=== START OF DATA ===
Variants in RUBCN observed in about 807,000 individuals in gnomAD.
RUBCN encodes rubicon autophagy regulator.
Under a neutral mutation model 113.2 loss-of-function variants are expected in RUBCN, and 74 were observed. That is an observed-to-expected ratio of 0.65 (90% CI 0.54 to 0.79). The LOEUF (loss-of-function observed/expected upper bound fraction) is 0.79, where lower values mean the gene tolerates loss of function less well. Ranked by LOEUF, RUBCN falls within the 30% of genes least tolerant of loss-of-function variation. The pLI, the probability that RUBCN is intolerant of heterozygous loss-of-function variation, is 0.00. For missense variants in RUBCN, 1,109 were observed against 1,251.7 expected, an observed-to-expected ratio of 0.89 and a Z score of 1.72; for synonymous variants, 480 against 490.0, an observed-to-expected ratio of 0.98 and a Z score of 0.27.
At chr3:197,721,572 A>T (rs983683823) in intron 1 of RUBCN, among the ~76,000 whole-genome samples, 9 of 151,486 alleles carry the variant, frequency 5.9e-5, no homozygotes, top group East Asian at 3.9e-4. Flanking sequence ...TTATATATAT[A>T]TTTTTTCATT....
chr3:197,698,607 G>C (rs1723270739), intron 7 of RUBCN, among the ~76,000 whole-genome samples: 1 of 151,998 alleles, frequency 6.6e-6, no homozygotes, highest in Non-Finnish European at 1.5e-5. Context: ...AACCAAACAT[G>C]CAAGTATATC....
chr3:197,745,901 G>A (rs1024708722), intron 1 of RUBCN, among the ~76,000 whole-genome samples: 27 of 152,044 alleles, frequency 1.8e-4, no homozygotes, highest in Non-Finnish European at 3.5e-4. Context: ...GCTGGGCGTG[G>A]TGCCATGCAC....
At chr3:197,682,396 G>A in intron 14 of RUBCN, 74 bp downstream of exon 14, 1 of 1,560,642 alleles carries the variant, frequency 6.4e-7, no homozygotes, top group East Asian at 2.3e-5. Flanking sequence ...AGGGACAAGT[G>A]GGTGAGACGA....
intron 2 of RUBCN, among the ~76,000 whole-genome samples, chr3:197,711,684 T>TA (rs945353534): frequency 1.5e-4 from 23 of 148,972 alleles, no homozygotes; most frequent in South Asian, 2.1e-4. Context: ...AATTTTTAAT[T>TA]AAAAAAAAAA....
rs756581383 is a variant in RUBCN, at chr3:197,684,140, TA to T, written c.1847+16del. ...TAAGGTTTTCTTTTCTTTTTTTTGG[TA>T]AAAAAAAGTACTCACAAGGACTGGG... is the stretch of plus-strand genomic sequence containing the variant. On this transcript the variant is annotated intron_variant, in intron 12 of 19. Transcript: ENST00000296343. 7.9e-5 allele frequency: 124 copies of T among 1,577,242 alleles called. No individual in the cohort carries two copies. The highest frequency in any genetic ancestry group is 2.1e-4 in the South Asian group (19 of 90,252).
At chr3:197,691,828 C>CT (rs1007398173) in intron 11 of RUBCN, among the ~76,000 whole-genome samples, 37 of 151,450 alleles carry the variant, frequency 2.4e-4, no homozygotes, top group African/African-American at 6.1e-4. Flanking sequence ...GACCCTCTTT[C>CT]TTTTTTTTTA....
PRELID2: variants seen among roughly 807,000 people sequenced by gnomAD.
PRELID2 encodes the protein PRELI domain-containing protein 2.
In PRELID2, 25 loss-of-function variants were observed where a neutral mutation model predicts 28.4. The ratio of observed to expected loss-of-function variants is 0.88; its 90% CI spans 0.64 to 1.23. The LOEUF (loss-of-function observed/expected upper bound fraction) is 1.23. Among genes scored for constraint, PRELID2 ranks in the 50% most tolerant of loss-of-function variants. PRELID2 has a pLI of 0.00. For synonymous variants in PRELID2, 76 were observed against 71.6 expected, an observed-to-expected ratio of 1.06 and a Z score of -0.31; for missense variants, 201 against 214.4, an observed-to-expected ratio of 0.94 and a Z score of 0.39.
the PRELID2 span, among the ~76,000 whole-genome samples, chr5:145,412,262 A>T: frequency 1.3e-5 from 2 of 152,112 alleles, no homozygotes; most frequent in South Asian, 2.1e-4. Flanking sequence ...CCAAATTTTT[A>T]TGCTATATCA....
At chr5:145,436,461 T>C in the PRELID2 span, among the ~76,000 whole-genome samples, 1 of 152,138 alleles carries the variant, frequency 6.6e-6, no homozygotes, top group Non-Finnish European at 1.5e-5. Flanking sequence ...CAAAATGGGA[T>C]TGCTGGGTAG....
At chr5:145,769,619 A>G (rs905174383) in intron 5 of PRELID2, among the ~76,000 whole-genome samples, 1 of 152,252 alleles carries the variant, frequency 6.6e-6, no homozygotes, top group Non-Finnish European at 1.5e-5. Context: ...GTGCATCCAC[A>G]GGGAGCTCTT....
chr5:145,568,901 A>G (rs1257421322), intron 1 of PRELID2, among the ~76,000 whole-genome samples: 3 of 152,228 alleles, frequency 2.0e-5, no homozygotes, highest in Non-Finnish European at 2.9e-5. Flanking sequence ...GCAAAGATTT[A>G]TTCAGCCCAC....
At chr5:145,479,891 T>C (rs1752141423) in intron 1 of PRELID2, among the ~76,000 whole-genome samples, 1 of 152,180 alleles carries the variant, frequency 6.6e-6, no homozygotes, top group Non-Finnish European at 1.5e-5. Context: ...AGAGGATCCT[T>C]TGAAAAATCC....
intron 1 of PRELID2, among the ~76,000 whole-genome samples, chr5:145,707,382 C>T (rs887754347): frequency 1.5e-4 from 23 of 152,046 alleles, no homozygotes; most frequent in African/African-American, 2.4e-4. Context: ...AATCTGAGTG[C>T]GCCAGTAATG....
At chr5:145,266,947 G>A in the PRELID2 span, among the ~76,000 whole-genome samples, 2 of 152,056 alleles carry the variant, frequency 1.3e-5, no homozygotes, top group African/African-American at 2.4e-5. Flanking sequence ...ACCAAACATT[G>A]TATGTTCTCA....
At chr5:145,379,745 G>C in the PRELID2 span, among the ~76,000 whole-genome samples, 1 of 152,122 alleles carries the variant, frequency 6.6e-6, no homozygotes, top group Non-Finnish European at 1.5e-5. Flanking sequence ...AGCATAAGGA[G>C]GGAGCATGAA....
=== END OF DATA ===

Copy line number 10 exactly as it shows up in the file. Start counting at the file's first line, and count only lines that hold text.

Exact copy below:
At chr3:197,691,828 C>CT (rs1007398173) in intron 11 of RUBCN, among the ~76,000 whole-genome samples, 37 of 151,450 alleles carry the variant, frequency 2.4e-4, no homozygotes, top group African/African-American at 6.1e-4. Flanking sequence ...GACCCTCTTT[C>CT]TTTTTTTTTA....